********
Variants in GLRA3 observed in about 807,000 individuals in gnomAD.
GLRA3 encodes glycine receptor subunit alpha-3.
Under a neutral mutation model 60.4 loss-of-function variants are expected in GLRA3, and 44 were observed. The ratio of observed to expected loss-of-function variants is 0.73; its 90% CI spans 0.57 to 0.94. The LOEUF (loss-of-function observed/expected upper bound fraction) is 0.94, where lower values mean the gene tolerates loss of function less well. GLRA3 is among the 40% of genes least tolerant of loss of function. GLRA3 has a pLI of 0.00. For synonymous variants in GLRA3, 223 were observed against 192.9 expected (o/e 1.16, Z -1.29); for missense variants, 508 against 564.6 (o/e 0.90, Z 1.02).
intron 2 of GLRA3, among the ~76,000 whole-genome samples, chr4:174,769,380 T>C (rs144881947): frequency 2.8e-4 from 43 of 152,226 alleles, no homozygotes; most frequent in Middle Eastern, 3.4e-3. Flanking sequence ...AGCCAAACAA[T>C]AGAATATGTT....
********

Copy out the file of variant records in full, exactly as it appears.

Variants in GLRA3 observed in about 807,000 individuals in gnomAD.
GLRA3 encodes glycine receptor subunit alpha-3.
Under a neutral mutation model 60.4 loss-of-function variants are expected in GLRA3, and 44 were observed. The ratio of observed to expected loss-of-function variants is 0.73; its 90% CI spans 0.57 to 0.94. The LOEUF (loss-of-function observed/expected upper bound fraction) is 0.94, where lower values mean the gene tolerates loss of function less well. GLRA3 is among the 40% of genes least tolerant of loss of function. GLRA3 has a pLI of 0.00. For synonymous variants in GLRA3, 223 were observed against 192.9 expected (o/e 1.16, Z -1.29); for missense variants, 508 against 564.6 (o/e 0.90, Z 1.02).
intron 2 of GLRA3, among the ~76,000 whole-genome samples, chr4:174,769,380 T>C (rs144881947): frequency 2.8e-4 from 43 of 152,226 alleles, no homozygotes; most frequent in Middle Eastern, 3.4e-3. Flanking sequence ...AGCCAAACAA[T>C]AGAATATGTT....